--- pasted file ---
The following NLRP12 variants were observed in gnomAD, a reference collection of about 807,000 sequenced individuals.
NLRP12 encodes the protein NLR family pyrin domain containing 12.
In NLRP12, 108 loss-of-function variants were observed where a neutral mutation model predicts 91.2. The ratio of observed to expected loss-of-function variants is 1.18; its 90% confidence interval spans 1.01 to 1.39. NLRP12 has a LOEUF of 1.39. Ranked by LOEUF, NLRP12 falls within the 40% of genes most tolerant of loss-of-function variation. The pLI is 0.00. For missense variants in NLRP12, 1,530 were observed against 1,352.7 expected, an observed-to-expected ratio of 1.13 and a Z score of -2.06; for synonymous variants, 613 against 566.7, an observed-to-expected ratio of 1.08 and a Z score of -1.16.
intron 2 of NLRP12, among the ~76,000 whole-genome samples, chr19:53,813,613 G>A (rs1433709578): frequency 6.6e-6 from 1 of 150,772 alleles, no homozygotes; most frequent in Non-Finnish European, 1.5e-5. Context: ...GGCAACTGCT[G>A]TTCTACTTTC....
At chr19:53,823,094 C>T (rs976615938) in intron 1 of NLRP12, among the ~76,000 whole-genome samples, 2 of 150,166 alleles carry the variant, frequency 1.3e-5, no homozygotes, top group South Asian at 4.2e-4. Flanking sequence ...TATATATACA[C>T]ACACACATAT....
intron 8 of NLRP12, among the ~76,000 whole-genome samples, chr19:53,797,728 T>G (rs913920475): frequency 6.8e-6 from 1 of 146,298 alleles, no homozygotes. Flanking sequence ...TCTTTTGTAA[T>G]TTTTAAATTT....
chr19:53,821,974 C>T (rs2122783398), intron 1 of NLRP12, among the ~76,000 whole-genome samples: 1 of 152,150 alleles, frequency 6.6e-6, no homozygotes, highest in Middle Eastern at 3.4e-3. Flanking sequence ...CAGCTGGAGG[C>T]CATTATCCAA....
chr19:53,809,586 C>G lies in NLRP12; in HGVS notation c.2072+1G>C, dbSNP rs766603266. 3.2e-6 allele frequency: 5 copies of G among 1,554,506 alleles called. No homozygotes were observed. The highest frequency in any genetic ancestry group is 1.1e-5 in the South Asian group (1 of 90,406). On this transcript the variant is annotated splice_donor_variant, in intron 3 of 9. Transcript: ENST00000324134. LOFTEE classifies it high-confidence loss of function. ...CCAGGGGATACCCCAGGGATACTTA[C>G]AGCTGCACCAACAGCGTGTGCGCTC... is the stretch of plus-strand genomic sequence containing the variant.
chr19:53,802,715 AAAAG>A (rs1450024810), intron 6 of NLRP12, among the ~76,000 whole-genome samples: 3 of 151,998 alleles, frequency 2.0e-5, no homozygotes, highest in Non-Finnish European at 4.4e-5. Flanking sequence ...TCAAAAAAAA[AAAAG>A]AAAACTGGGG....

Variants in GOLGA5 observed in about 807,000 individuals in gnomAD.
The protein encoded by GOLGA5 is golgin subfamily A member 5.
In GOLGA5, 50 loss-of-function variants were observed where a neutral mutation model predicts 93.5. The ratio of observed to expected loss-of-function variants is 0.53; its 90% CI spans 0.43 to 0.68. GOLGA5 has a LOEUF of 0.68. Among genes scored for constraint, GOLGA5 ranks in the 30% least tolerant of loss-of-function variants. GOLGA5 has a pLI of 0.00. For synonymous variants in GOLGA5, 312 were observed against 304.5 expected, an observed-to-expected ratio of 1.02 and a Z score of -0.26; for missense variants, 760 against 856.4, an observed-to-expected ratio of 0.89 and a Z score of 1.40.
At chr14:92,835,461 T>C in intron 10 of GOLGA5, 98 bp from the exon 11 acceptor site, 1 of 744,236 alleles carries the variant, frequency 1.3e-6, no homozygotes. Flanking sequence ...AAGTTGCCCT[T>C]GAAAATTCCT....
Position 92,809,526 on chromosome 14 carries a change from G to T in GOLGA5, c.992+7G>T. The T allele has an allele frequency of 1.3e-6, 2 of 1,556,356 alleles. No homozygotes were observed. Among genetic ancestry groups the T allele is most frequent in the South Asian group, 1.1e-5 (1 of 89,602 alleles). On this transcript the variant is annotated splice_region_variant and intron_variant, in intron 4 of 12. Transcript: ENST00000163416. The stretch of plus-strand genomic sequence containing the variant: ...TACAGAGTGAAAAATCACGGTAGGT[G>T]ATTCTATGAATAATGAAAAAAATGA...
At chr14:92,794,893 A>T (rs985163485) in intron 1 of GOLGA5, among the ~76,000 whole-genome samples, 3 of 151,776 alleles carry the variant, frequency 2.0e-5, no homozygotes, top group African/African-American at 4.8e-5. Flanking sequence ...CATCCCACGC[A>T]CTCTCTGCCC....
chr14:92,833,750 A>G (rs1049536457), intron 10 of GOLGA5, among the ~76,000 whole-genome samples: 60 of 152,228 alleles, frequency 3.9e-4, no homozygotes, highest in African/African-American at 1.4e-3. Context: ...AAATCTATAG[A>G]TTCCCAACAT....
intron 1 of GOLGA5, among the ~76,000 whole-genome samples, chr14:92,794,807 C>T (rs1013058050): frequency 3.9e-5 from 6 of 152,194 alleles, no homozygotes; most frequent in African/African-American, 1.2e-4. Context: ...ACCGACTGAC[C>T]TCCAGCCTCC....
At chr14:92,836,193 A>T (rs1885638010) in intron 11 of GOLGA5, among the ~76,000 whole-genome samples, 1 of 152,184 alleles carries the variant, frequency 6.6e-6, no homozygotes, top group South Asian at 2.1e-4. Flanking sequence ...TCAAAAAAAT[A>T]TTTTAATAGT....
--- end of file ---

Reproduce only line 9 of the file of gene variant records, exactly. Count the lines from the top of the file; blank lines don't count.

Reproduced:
chr19:53,802,715 AAAAG>A (rs1450024810), intron 6 of NLRP12, among the ~76,000 whole-genome samples: 3 of 151,998 alleles, frequency 2.0e-5, no homozygotes, highest in Non-Finnish European at 4.4e-5. Flanking sequence ...TCAAAAAAAA[AAAAG>A]AAAACTGGGG....